CHUCK NORRIS: The Struggle for Closure as Covid Rages On

Recently installed on a large grassy expanse of Washington D.C.’s National Mall near the Washington Monument is a sight that is hard to ignore. Covering the area, there are more that 600,000 small white flags. They comprise what ABC News’ Michelle Stoddart refers to as a “chilling exhibition” by artist Suzanne Brennan Firstenberg called “In America: Remember.” Each flag represents a life lost to the pandemic, and each sit “amid a sea of symbolic grief,” she reports.

“On one small, white rectangle is the name of a 29-year-old engineer,” says Stoddart. “On another, the name of a World War II veteran, and on a third, that of a 15-year-old.” More names are being added daily as visitors walk among the flags on more than three miles of paths to view the exhibit, many stopping at a table to pick up a magic marker to personalize a flag with the name of a loved one lost.

“Encountering a personalized one and then lifting one’s gaze across this immense field … I think that will help people understand the magnitude of our loss on both an individual basis and on a national basis,” Firstenberg explains to ABC. In the fall of 2020, she had installed a similar exhibit of 200,000 flags near RFK Stadium in Washington representing the then current death toll. Time passed. The pandemic continued. Since then, the scope of the new project has more than tripled.

As a recent Time magazine article points out, America has always struggled to memorialize our national tragedies. There is currently no national recognition of the pandemic’s human, societal and emotional cost. The “In America: Remember” exhibit, officially unveiled today, will only stay on the National Mall lawn until Oct. 3.

As Time magazine’s Simmone Shah reports, “In response to the ongoing national tragedy, communities around the country are finding their own ways to mourn the individuals within the numbers with local memorials. They are also pushing for permanent, national recognition of the pandemic’s toll. The urge to memorialize follows all tragedies, whether individual or national.” The COVID-19 pandemic represents the biggest national emergency the country has seen since 9/11. It also “highlights important questions about how and why we acknowledge loss,” says Shah.

National memorials create a focal point for recognizing losses that have shaped our national history. Equally important, they create a dedicated space for grief. Not all worthy tragedies are recognized. “More Americans died from the 1918 flu than the number of soldiers killed in World War I, yet there are few public memorials or sites of memory that recognize the flu’s death toll,” she points out.

Seth Bruggeman, the director of the Center for Public History at Temple University, explains to Time that no matter how neutral they might seem, monuments “are always arguments about the past.”

As psychologist Katherine King cautioned in a Psychology Today report last year, with the onset of the pandemic, “grief is finding its way into many of our intimate personal lives.” It requires special space to deal with it, she says. “We humans are meaning-making animals, and rituals help us understand and emotionally process the events of our lives. They demarcate important times of transition and transformation, and the loss of someone close is just such a time … Rituals help create the space for us to emotionally process our loss. The ritual creates a container for such experiences and often helps keep these feelings from consuming the rest of our days.”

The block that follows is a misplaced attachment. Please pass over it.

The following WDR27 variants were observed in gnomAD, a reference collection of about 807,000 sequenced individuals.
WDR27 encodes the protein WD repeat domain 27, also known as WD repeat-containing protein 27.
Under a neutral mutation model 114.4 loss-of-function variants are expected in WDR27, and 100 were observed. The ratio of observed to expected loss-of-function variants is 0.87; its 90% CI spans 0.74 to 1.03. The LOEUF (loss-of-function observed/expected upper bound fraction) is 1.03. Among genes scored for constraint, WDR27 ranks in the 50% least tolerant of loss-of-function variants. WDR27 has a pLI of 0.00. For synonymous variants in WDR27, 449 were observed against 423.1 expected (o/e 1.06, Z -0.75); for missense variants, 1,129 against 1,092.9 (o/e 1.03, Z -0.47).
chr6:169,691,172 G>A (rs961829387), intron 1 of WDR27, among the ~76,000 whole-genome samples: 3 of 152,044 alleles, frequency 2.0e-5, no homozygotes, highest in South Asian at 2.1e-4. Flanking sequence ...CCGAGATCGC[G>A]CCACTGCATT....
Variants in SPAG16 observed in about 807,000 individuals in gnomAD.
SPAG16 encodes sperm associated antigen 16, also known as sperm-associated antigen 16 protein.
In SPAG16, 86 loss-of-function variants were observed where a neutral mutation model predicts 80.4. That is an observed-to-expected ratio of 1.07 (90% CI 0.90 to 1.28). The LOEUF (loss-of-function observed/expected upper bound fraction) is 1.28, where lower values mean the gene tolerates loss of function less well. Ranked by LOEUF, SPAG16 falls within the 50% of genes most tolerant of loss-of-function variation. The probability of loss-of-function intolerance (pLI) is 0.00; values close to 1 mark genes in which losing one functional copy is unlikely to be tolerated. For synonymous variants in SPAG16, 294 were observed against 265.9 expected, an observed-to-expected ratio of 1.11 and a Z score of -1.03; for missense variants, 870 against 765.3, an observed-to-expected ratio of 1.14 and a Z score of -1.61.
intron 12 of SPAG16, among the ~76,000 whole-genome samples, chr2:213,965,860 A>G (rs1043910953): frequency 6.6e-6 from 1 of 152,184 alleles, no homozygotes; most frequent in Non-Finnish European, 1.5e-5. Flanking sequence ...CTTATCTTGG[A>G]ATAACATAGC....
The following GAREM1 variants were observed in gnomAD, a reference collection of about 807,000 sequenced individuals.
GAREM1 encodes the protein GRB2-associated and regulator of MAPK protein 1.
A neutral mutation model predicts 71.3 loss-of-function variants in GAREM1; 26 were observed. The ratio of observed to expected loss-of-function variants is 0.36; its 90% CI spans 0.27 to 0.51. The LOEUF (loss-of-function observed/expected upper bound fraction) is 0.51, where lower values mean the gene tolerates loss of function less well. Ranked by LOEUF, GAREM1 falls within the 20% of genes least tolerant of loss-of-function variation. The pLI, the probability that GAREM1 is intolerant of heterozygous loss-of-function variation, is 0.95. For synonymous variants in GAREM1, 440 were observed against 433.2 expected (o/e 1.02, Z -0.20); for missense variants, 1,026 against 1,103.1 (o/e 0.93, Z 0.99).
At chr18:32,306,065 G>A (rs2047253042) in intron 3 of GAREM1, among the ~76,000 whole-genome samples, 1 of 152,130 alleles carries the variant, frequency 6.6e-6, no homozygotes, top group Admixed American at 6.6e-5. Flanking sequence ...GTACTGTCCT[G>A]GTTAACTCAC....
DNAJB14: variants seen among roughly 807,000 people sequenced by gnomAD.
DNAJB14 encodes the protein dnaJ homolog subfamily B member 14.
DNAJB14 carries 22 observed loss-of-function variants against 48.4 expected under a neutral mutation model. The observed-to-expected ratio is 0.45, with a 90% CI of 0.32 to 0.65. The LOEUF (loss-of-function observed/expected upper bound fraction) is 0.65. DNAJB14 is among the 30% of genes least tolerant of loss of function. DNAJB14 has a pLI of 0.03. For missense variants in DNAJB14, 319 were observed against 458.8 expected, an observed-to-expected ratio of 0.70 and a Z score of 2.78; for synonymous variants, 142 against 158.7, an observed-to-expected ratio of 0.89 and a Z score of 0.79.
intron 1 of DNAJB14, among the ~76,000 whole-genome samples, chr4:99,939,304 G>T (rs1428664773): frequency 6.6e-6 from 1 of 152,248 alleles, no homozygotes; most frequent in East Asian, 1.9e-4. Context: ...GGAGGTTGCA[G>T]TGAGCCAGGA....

Ken Dokais works as an expert in end-of-life care for the Hospice Foundation of America and has written books about aging, dying, grief and end-of-life care. In a recent Kaiser Health News report, he speaks about a current state in this country of “disenfranchised grief,” where many mourners “feel they don’t have the right to express their loss openly or fully because of the cultural stigma about how the person died … Refusing to face the truth about what killed a family or community member can make the grieving process much harder.”

Kaiser Health News reporter Brett Sholtis says nearly half the families he interviewed for his story asked that COVID-19 not be mentioned in obituaries or death notices. “Some families wanted to have their loved one’s official death certificate changed so that covid was not listed as the cause of death.”

“Doka predicts that Americans who have lost loved ones to COVID-19 in communities where the disease isn’t taken seriously may also encounter similar efforts to shift responsibility — from the virus to the person who died.” The emerging term for this is “death shaming,” or shaming those who die from COVID-19, and you have to wonder what has brought us to this place so devoid of empathy for someone’ loss?

A recent Cleveland Clinic health report underscores that we have been heading toward a profound state of “empathy fatigue” for some time now. “With so many competing priorities of what we should care about and pay attention to, it’s starting to come at a cost to our mental health,” they write. “What many people don’t realize is that our ability to relate to and care for others (aka our empathy) is a limited resource. If we drain our empathy account, we can end up feeling some pretty negative emotions.”

Psychologist Susan Albers explains, “Over time, we start to see people experiencing a sense of numbness and distancing or difficulty continuing to care.” Empathy fatigue is also being seen as a form of secondary traumatic stress disorder.

Times are tough, but nonetheless, we need to get a grip. As wise old Texas Baptist Minister Joseph Fort Newton once proclaimed, “Men build too many walls and not enough bridges.”

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